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Designing the first fully electric truckable tug

Posted on February 15, 2023

Elliott Bay Design Group (EBDG) and Miller Marine announced in November that the two companies would design and build a fully electric truckable push tug.

The 26′ tug is purposefully designed as a multifunctional utility boat servicing marine construction sites, tending dredges, tending buoys, short range ferry operations and other near shore operations such as crew transportation or line handling, EBDG said. The tug will be a test case to understand the market demand for an all-electric vessel.

Miller Marine, a boat building and steel fabrication company based in Deltaville, Va., builds assorted workboats and passenger vessels. Seattle-based EBDG is a naval architecture company that has been in business for 36 years. They have designed vessels ranging from 20′ to 700′.

A request for designing an electric truckable tug

Last year, Miller Marine reached out to EBDG to discuss partnering on development of a battery-electric option for Miller’s popular truckable tug design.

Knowing that EBDG had experience with designing hybrid-electric ferries, Miller Marine saw a market opportunity for an electric version of a truckable tug design they had been building for several years — a result of new EPA regulations and government grants for zero and low emission vessel construction. Also, other states are starting to follow California’s lead in giving credit to low-emission or zero-emission operations, making the use of electric tugs more desirable.

An industry-first electric tugboat

For EBDG, the new electric tug is another significant step in its goal to become market leaders of green and alternate fuel technologies, as well as an industry-first and test case to understand the market demand for an all-electric option that operates differently than a diesel tug. The electric tug will be built in an inland style with a lot of room in the hull for batteries. EBDG will incorporate an electrical propulsion system into Miller Marine’s truckable tug design. Once the design phase is complete, Miller Marine will build the vessel at its 15,000-sq.-ft. production facility.

Designing electric or hybrid vessels is a bigger and more complex design challenge, said Mike Complita of EBDG. “Although the hull itself is easily adapted to an all-electric option, the biggest challenge is to work with multiple smaller component providers who don’t offer a complete integrated solution, which means picking each component individually and ensuring everything communicates together properly and effectively,” he said.

One example is proprietary shore power plugs, which are being developed by several companies and must be treated differently than land-based applications.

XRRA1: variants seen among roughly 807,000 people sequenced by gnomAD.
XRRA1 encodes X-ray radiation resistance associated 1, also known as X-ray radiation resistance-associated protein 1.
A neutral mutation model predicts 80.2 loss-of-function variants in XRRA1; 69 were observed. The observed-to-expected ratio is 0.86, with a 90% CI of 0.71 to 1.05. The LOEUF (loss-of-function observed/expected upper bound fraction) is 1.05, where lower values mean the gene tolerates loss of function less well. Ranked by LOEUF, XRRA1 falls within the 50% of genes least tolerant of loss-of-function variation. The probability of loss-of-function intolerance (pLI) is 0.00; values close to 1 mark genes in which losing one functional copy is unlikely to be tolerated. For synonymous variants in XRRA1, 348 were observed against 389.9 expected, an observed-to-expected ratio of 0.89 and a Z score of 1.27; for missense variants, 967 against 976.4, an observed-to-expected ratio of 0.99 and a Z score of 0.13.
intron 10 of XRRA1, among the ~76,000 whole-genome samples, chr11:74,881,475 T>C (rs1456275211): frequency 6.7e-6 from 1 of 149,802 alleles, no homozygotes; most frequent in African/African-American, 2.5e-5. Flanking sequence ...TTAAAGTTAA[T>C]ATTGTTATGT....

Design phase and production roadmap

EBDG’s primary 3D design tool is Rhino, which integrates with AutoCAD. Other software tools used by EBDG are Navisworks and ShipConstructor for reviewing and performing structural analysis.

The tug is made up of two pieces — a shoe box-looking hull and a customizable superstructure with an enclosed steering station. Both pieces can be loaded separately on a single flatbed trailer and towed anywhere in the U.S. without the need for any special permitting or road closures. EBDG is currently working with vendors to select the tug’s components and equipment. Construction is scheduled to begin in the summer with the first tug completed and put in operation by the first quarter of 2024.

Size and configuration details

The 26′ vessel will be powered by two permanent magnet motors with a total power of over 300 kW (400 hp). The new tug will not only be truckable, but 26′ is also the cutoff for Subchapter M oversight by the Coast Guard.

Shore power will be used to recharge the vessel’s battery banks overnight, taking about eight hours. On a full charge, the vessel will operate with contingency for 12-plus hours. A closed-loop fluid cooling system will provide temperature control of the batteries, motors and electronics, maximizing their lifetime. This configuration is ideally suited for shallow and silty water operations, EBDG said.

The future for electric tugboats is looking bright

The electric tug is designed to support public agency and private enterprise marine construction operations and short-range logistics, with dredging being a key market. Dredging that requires truckable tugs is typical in a port or near-shore body of water. Thus, the customer doesn’t have to go far out to do dredging work so they can come back and charge at night. An in-port application would provide access to electrical recharging power at the shore. “This tug also offers customers the option to truck it into landlocked sites instead of building it on site and having it stuck there,” said Complita.

In the next two years, a similar type of electric boat designed for fleeting operations will hit the water. This fleeting boat scales the current design up about three to four times to create a giant raft of barges that are pushed down a river by a larger tug with long-range capability. The new fleeting boat design will provide a zero emission option to manage individual barges.


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